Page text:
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AIM: Pre-school dental caries is a significant public health problem and may be associated with the growth and nutritional status of children. This study aimed to investigate the association between body mass index (BMI) and early childhood caries (ECC) among pre-school children. METHODS: This population-based retrospective study involves all 5-year-old children who resided in northern New Zealand and received school entry dental examinations between 1 January 2014 and 31 December 2015. ECC status was determined with the decayed missing filled teeth (dmft) score obtained from a routinely collected regional dental data set. Objectively measured BMI information was obtained from the 'Before School Check' (B4SC) Programme. Logistic regression analyses were used to assess the association between BMI and the occurrence of ECC (dmft score ≥ 1). Ethnic subgroup analyses were also conducted. RESULTS: Of the 27 333 children involved in this analysis, 11 173 (40.9%) had ECC with a mean dmft score of 1.85, and 3948 (14.4%) were overweight and 2964 (10.8%) were obese at school entry. The prevalence of ECC was higher in overweight and obese children but in subgroup analyses by ethnicity, this positive association was observed in European children only (adjusted odds ratio for overweight children compared to normal weight children: 1.16; 95% CI: 1.02, 1.32 and adjusted odds ratio for obese children: 1.20; 95% CI: 1.00, 1.45). CONCLUSION: ECC is highly prevalent in New Zealand children and associated with higher BMI in children of European ethnicity.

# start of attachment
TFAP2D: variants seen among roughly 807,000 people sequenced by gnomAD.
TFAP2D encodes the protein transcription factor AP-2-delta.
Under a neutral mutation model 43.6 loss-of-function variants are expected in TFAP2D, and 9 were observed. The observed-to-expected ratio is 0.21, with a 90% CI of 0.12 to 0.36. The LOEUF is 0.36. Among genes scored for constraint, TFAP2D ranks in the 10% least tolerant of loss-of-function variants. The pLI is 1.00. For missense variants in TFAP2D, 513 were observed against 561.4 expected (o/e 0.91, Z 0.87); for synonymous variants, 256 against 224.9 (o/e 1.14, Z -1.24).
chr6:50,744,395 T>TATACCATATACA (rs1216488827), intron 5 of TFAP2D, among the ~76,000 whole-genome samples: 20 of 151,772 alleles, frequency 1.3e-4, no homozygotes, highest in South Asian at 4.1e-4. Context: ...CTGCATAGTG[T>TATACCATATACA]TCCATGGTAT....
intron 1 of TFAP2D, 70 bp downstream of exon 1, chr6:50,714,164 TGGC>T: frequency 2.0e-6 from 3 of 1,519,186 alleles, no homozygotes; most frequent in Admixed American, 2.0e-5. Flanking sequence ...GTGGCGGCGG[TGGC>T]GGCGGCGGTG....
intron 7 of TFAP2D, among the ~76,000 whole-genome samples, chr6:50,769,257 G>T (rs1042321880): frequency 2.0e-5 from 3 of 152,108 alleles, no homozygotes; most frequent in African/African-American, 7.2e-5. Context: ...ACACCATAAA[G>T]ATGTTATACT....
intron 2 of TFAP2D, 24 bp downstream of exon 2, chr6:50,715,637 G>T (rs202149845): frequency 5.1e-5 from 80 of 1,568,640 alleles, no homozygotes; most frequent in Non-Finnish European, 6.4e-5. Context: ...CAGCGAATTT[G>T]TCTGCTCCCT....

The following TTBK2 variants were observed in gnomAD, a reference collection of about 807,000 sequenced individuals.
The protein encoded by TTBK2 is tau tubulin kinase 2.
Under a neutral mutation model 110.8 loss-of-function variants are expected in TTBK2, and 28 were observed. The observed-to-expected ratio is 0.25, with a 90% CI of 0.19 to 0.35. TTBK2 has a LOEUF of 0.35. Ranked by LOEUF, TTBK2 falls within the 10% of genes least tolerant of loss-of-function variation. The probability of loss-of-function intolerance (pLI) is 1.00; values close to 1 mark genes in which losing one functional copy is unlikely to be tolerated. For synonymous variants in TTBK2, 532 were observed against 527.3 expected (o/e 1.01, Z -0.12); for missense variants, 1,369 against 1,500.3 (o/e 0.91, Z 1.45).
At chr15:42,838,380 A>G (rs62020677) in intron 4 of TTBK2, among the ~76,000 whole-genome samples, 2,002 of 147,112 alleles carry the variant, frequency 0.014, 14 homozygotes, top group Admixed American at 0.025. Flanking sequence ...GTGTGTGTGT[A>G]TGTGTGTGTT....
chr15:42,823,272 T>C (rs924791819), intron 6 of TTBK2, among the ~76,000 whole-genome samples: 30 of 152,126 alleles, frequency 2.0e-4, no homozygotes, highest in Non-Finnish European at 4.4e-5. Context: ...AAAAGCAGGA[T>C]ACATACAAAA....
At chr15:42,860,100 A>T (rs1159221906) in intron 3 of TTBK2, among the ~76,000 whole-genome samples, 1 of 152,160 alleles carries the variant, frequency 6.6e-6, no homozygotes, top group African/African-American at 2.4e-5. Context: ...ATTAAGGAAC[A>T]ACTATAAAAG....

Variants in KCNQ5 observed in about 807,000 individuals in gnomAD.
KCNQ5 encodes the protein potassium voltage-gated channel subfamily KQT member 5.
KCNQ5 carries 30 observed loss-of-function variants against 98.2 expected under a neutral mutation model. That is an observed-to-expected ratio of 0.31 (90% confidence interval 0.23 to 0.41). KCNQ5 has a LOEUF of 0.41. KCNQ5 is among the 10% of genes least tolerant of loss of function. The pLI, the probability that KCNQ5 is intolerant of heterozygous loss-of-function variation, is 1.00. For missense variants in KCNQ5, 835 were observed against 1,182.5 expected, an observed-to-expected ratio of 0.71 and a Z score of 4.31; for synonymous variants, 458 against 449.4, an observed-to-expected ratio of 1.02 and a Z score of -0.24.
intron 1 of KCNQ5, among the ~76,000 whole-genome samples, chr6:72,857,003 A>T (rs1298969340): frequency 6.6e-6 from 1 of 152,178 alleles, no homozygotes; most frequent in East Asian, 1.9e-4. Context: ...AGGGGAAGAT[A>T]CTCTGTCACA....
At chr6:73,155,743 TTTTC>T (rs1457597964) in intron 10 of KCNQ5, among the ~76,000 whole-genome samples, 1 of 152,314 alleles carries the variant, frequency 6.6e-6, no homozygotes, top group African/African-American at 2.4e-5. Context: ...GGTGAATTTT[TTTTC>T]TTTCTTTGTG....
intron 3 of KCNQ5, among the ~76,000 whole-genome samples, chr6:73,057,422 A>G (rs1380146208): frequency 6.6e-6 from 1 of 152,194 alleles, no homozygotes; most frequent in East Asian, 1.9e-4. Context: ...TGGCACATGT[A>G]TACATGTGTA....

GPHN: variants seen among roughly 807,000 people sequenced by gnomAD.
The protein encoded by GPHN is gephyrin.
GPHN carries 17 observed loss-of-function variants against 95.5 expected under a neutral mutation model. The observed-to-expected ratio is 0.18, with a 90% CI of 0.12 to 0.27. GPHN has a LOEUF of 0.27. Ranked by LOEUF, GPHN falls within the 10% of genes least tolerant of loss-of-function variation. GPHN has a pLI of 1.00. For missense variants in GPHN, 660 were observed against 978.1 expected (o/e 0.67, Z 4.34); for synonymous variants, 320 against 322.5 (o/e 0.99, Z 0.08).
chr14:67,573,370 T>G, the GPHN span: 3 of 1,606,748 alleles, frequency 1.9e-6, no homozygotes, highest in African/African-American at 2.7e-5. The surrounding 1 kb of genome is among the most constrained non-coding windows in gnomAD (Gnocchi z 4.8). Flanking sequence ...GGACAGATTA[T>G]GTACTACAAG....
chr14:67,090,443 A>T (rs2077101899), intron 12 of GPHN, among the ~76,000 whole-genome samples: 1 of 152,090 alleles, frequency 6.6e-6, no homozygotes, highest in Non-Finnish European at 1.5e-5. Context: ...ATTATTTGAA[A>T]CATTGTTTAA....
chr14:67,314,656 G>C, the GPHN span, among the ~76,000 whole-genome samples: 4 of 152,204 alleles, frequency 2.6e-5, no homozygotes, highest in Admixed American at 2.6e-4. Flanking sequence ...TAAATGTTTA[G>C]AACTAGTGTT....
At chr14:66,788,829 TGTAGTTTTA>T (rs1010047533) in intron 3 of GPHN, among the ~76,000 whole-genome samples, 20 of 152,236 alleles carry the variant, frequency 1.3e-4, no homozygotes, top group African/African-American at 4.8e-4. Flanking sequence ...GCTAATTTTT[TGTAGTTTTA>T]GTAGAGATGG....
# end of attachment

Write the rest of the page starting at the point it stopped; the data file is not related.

Original publication




Journal article


J Paediatr Child Health

Publication Date





1432 - 1437


body mass index, dental health, early childhood caries, obesity, pre-school, Body Mass Index, Child, Child, Preschool, Cross-Sectional Studies, Dental Caries, Humans, New Zealand, Pediatric Obesity, Prevalence, Retrospective Studies